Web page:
A pantograph receives aerodynamic force while a train is traveling. As the aerodynamic force increases in proportion to the square of the flow velocity relative to the pantograph, its influence on the pantograph becomes apparent, especially for high-speed trains. When a high-speed train runs in a tunnel, the flow velocity relative to the pantograph is faster than that in an open section. In this study, we measured the flow velocity around a train model running in a tunnel using a rake of total-pressure tubes mounted on the train model. The measured waveforms were distorted owing to the influence of the frequency characteristics of the measurement system. Therefore, we developed a restoration method and applied it to the measured waveforms to obtain the restored waveforms of the flow velocity. With the restored waveforms, we obtained several statistical values, such as the average flow velocity and standard deviation of the fluctuating flow velocity around the train model. Furthermore, we proposed a method for predicting the flow velocity around the train model, including fluctuating components in a frequency range of a pantograph contact performance. The proposed method can predict the flow velocity at the panhead of a pantograph by considering the average flow velocity profile and turbulence component profile in the tunnel cross section, which could not be taken into account so far.
This paper discusses that the unsteady aerodynamic forces caused by vehicle motion in road input have a large influence on the vehicle behaviors. In the present coupling analysis, unsteady aerodynamic forces were obtained by using the response functions for vehicle motion derived in our previous study. By attaching a protrusion on the roof which only measures about 3% of the vehicle height, pitch and heave motions are affected significantly by the change of unsteady aerodynamic effects. Due to the coupling of the unsteady aerodynamic forces and vehicle suspension responses, the vehicle behavior depends on the road input frequency. The pitch motion is enhanced in low-frequency road input (<1.6 Hz for a real vehicle) and is suppressed at high frequencies (>1.6 Hz). Meanwhile, the heave motion is suppressed over 1.2 Hz. Such vehicle behaviors were verified in actual running tests, and were consistent to the subjective evaluation of the drivers feeling. Comparing the unsteady aerodynamic coefficients to the equivalent vehicle specification factors, the aerodynamic inertia caused by pitch motion contributes to 39% of the rear vehicle mass inertia effect in pitch motion. This aerodynamic effect is important in designing suspension specifications of vehicles. These results show that the vehicle stability can be affected even by small detail in vehicle shape due to the unsteady aerodynamic forces.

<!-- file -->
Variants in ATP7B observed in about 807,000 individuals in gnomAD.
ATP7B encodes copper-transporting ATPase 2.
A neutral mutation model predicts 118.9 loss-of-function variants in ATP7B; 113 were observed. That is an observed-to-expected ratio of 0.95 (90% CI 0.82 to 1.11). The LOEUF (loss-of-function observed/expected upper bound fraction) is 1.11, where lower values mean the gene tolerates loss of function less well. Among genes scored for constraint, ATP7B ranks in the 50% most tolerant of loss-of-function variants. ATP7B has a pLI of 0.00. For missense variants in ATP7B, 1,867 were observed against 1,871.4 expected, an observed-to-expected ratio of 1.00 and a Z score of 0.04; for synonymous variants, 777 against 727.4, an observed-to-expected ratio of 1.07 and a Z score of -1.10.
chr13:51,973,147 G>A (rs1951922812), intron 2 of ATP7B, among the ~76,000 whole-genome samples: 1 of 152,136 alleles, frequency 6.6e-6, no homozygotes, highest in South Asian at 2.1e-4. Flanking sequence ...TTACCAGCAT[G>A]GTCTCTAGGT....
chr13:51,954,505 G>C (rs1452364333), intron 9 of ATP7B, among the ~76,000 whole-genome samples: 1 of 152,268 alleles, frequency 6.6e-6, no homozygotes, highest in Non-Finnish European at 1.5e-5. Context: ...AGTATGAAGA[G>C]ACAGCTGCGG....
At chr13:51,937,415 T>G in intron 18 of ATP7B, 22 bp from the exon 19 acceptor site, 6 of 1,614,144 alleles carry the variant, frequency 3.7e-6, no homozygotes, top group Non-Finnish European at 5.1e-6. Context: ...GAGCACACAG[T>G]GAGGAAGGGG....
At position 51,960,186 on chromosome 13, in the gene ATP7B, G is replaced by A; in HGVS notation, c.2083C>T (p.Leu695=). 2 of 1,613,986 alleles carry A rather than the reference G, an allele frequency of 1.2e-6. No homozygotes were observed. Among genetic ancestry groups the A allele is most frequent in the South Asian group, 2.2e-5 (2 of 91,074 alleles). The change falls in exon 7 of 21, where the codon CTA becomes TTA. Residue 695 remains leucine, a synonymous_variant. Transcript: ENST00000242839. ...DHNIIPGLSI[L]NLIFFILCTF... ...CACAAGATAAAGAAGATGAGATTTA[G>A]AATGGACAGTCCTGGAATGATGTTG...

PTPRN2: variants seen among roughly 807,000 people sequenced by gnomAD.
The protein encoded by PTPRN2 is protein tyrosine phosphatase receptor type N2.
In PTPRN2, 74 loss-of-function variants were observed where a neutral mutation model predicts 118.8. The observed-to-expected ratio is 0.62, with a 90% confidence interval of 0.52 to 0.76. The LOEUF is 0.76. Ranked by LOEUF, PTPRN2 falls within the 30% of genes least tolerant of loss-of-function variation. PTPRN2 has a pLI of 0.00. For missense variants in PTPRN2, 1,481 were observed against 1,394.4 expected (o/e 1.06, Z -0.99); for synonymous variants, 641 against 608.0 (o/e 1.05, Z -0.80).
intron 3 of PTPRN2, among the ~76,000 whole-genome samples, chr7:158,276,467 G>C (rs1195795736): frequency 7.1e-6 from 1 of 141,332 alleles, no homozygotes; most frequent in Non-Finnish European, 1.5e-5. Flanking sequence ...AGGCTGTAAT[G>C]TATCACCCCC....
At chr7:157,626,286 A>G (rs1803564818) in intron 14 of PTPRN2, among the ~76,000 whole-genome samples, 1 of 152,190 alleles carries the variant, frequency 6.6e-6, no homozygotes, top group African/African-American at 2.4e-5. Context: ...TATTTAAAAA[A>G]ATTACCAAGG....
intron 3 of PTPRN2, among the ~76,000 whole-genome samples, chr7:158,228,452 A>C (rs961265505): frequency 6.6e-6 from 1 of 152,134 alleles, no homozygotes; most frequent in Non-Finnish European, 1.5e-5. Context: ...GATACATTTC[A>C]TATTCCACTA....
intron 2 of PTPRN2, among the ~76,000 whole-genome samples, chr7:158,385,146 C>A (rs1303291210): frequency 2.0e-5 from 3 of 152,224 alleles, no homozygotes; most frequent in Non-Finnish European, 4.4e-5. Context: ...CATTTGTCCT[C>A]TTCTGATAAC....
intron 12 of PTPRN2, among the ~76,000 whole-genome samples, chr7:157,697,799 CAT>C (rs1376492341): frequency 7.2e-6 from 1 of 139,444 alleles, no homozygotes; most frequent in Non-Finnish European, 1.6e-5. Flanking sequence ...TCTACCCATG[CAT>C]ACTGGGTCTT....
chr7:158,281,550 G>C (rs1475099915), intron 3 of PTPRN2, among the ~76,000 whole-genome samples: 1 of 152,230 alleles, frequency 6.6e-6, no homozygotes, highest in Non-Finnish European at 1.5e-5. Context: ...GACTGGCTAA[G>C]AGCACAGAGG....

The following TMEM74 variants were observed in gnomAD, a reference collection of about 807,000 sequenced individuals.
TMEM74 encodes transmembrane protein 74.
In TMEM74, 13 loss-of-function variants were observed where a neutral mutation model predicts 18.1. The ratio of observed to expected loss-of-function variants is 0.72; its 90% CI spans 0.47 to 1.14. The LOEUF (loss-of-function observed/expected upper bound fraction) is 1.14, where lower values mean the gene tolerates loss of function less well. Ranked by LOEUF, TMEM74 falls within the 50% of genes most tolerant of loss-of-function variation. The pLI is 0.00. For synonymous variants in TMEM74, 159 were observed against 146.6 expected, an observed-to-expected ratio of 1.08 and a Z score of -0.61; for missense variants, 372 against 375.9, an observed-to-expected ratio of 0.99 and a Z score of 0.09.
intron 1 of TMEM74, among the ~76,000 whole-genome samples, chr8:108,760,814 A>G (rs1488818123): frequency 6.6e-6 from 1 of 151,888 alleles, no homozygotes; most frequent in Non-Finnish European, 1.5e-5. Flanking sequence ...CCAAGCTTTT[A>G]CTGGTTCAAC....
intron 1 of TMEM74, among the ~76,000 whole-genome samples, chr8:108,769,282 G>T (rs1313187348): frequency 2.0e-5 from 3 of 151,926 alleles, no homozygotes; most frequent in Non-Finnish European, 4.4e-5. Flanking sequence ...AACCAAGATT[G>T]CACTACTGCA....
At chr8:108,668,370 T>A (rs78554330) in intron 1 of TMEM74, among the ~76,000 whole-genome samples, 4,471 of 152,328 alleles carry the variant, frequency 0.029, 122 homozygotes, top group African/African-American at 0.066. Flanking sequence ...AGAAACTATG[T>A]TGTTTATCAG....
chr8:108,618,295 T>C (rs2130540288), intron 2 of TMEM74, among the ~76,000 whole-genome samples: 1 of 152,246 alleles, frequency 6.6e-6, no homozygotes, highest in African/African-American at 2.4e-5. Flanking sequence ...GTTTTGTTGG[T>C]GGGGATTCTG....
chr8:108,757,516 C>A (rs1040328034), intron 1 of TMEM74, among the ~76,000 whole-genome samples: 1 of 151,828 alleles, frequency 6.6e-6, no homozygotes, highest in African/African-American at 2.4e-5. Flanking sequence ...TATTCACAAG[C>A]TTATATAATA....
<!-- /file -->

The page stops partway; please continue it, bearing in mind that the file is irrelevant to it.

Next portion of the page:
The numerical scheme of the O-integral is formulated for precisely evaluating the stress intensity factor of an embedded crack with arbitrary shape in an infinite elastic body. In this study, we evaluate the O-integral using an efficient numerical integration method by introducing an iso-parametric element and the Gauss-Legendre formula, which is typically used in the finite element method. To verify the numerical procedure introduced herein, the mode-I stress intensity factors for cracks are evaluated based on a circle, an ellipse, and a perturbated circle cracks. Result shows that the K results obtained using the proposed method are consistent with the exact solution. Therefore, fatigue crack propagation is successfully simulated using the O-integral for the elliptical crack.